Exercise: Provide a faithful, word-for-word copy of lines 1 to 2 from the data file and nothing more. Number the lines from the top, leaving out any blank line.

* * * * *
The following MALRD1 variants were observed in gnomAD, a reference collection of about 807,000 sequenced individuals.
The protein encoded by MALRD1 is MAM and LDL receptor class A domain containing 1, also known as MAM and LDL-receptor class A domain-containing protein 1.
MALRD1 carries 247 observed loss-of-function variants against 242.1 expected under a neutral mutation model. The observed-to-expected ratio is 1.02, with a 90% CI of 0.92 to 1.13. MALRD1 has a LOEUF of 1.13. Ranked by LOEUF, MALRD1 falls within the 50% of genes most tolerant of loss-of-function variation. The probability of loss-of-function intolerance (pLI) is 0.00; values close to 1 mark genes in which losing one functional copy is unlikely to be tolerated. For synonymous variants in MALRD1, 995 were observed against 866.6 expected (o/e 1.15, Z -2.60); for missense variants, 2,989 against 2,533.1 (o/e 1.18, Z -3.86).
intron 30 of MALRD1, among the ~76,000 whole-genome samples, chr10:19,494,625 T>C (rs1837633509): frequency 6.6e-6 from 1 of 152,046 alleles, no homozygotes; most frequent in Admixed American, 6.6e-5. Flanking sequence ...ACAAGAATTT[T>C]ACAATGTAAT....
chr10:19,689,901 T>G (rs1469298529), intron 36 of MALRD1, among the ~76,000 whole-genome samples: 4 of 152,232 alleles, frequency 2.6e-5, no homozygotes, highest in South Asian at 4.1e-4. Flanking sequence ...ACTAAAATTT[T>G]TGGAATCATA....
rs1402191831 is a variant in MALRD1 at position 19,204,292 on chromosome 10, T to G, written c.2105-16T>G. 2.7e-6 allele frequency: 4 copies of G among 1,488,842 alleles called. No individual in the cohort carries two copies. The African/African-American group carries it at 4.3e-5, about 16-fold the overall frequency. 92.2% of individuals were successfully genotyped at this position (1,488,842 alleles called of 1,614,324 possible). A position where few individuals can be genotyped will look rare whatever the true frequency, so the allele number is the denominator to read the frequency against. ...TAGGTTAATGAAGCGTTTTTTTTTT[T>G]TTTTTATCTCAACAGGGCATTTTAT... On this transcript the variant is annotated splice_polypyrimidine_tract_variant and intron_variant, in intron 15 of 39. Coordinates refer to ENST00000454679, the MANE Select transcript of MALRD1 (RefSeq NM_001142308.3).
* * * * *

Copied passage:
The following MALRD1 variants were observed in gnomAD, a reference collection of about 807,000 sequenced individuals.
The protein encoded by MALRD1 is MAM and LDL receptor class A domain containing 1, also known as MAM and LDL-receptor class A domain-containing protein 1.